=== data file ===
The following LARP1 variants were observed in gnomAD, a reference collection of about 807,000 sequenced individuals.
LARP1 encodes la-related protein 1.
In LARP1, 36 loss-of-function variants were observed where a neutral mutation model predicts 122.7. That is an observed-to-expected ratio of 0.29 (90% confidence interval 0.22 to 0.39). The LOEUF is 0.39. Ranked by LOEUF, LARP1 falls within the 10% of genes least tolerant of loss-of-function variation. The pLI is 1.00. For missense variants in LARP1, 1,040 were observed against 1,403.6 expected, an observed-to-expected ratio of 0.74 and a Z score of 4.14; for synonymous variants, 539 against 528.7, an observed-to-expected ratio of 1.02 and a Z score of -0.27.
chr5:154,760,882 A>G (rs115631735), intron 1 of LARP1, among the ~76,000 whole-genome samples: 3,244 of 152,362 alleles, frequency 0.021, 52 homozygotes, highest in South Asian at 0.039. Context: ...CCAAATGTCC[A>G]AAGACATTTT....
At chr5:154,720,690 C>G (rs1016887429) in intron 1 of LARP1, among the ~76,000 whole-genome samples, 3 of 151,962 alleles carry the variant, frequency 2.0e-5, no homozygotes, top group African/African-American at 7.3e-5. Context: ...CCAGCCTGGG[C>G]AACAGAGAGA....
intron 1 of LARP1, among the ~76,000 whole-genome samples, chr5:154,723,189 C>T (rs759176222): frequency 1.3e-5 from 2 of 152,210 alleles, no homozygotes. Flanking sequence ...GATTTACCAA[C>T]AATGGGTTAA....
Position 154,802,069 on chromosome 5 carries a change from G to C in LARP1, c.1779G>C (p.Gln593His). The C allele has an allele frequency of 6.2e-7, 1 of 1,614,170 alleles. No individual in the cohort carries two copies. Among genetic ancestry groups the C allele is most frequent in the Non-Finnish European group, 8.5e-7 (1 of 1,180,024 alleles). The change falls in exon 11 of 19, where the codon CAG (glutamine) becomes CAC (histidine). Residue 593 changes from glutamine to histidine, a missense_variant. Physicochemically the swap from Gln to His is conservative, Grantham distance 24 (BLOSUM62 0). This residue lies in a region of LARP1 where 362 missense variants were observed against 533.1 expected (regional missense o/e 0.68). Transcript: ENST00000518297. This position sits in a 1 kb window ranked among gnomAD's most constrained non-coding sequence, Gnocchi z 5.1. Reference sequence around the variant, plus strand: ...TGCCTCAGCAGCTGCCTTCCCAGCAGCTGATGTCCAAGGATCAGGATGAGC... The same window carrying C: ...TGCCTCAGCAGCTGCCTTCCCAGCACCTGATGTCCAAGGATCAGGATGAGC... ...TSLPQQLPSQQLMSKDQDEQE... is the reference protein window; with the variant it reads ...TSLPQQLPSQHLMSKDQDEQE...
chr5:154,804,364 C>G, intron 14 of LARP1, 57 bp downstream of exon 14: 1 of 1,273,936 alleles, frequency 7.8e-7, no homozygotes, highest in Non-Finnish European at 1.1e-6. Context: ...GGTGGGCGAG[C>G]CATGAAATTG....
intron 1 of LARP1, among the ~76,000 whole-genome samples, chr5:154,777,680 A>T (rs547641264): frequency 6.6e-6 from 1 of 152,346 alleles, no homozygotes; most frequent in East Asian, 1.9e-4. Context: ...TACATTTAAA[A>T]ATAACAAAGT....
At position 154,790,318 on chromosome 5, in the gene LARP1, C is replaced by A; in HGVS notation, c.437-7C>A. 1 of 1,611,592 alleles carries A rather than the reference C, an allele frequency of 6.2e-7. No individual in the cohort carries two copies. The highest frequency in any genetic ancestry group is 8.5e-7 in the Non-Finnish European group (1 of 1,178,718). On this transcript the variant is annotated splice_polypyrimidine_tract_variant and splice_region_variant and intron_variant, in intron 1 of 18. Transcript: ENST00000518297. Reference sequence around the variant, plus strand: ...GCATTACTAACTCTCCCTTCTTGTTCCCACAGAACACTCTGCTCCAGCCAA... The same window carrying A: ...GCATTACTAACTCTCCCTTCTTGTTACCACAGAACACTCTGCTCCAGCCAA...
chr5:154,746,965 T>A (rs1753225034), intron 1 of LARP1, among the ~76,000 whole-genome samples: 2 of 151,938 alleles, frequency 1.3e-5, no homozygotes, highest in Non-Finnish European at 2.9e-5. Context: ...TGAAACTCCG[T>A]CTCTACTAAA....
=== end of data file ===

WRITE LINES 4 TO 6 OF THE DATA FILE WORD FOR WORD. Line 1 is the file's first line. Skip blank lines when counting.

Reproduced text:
chr5:154,760,882 A>G (rs115631735), intron 1 of LARP1, among the ~76,000 whole-genome samples: 3,244 of 152,362 alleles, frequency 0.021, 52 homozygotes, highest in South Asian at 0.039. Context: ...CCAAATGTCC[A>G]AAGACATTTT....
At chr5:154,720,690 C>G (rs1016887429) in intron 1 of LARP1, among the ~76,000 whole-genome samples, 3 of 151,962 alleles carry the variant, frequency 2.0e-5, no homozygotes, top group African/African-American at 7.3e-5. Context: ...CCAGCCTGGG[C>G]AACAGAGAGA....
intron 1 of LARP1, among the ~76,000 whole-genome samples, chr5:154,723,189 C>T (rs759176222): frequency 1.3e-5 from 2 of 152,210 alleles, no homozygotes. Flanking sequence ...GATTTACCAA[C>T]AATGGGTTAA....